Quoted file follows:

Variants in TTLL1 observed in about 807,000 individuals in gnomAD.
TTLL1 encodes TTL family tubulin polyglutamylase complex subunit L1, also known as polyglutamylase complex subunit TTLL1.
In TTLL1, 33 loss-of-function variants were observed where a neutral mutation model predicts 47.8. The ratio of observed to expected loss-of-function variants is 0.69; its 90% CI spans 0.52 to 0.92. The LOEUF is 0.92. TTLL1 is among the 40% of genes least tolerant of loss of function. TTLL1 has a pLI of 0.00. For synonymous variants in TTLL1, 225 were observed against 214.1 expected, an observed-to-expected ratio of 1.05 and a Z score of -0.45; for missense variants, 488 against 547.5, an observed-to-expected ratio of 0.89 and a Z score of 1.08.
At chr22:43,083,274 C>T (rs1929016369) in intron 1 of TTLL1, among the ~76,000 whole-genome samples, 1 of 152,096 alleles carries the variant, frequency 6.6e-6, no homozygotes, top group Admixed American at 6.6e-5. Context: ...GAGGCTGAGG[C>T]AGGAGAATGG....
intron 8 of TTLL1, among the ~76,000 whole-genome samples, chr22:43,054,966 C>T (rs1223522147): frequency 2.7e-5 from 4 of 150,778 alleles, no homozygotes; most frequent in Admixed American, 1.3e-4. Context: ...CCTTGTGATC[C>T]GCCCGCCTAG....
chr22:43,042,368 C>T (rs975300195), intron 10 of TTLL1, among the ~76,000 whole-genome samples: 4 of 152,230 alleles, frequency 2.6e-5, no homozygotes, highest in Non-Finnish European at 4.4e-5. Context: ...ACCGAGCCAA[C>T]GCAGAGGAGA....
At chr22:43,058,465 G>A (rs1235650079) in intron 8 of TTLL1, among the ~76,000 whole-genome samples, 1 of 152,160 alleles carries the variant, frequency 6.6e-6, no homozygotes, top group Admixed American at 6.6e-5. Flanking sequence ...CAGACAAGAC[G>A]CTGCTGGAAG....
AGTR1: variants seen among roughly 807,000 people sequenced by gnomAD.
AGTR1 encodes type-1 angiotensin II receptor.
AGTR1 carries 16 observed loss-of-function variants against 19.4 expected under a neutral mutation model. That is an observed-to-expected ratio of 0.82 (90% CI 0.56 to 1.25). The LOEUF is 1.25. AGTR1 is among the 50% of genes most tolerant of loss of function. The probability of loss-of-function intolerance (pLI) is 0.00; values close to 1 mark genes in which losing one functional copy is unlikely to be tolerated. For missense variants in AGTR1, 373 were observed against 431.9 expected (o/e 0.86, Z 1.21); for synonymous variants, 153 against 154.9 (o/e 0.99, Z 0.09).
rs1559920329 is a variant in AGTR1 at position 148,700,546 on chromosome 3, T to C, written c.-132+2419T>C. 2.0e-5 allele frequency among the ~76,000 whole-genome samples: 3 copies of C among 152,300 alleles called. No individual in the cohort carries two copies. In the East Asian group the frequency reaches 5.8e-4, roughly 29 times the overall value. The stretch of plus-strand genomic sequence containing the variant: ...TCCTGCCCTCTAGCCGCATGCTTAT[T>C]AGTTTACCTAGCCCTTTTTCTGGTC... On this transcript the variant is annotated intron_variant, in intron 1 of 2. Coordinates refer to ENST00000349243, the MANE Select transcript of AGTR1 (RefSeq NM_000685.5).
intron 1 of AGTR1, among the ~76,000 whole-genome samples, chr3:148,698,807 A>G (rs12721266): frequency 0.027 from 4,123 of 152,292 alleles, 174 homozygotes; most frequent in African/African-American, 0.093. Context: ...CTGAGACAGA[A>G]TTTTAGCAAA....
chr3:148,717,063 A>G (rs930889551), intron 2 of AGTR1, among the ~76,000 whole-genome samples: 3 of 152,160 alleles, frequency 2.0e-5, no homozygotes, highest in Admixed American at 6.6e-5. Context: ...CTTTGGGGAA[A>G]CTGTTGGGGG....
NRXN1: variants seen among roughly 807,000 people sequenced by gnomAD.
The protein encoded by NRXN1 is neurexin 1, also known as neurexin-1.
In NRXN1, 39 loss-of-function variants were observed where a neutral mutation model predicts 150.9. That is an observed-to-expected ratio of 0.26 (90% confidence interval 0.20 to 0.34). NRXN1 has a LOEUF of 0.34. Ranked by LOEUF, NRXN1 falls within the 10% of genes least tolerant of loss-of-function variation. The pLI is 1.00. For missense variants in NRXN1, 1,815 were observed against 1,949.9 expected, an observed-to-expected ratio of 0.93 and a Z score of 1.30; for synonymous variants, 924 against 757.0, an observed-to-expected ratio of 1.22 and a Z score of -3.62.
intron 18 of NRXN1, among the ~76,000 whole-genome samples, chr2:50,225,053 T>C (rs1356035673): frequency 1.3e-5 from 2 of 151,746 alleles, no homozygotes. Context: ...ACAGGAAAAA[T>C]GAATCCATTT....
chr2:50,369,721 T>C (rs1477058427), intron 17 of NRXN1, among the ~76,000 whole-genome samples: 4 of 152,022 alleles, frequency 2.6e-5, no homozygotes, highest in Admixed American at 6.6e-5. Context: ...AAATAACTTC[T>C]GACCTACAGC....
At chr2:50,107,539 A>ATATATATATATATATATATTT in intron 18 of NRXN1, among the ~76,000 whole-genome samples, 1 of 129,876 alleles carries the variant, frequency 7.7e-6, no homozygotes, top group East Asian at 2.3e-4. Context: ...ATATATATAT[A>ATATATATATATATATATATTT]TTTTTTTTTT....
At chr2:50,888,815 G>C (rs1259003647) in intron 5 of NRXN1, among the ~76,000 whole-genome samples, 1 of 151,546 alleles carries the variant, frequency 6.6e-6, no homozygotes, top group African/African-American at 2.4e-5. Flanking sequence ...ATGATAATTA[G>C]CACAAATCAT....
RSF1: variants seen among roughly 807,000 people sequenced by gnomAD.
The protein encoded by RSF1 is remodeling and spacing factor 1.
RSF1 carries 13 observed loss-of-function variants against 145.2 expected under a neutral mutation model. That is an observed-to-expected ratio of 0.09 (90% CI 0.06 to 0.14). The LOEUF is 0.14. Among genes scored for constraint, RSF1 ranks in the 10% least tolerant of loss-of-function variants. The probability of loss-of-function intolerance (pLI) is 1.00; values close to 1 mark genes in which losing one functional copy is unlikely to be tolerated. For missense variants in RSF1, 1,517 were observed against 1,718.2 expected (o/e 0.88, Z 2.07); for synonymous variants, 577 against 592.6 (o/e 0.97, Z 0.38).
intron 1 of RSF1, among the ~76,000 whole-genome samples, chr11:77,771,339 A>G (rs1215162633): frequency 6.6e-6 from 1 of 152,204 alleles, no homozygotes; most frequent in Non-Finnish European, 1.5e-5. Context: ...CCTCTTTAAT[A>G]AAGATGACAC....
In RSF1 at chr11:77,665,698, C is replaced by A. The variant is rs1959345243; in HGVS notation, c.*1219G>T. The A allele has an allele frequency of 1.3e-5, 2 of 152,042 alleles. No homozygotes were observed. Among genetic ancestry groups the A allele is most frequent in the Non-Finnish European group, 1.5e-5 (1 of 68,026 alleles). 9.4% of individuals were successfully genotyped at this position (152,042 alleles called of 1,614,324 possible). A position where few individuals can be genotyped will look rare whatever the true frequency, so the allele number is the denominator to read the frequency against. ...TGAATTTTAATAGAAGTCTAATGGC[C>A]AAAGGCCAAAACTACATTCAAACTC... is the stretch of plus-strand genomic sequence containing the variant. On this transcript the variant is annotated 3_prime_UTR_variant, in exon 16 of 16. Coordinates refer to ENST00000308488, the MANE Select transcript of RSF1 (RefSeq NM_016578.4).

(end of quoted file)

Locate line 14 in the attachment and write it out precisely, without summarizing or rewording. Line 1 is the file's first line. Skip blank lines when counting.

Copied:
NRXN1: variants seen among roughly 807,000 people sequenced by gnomAD.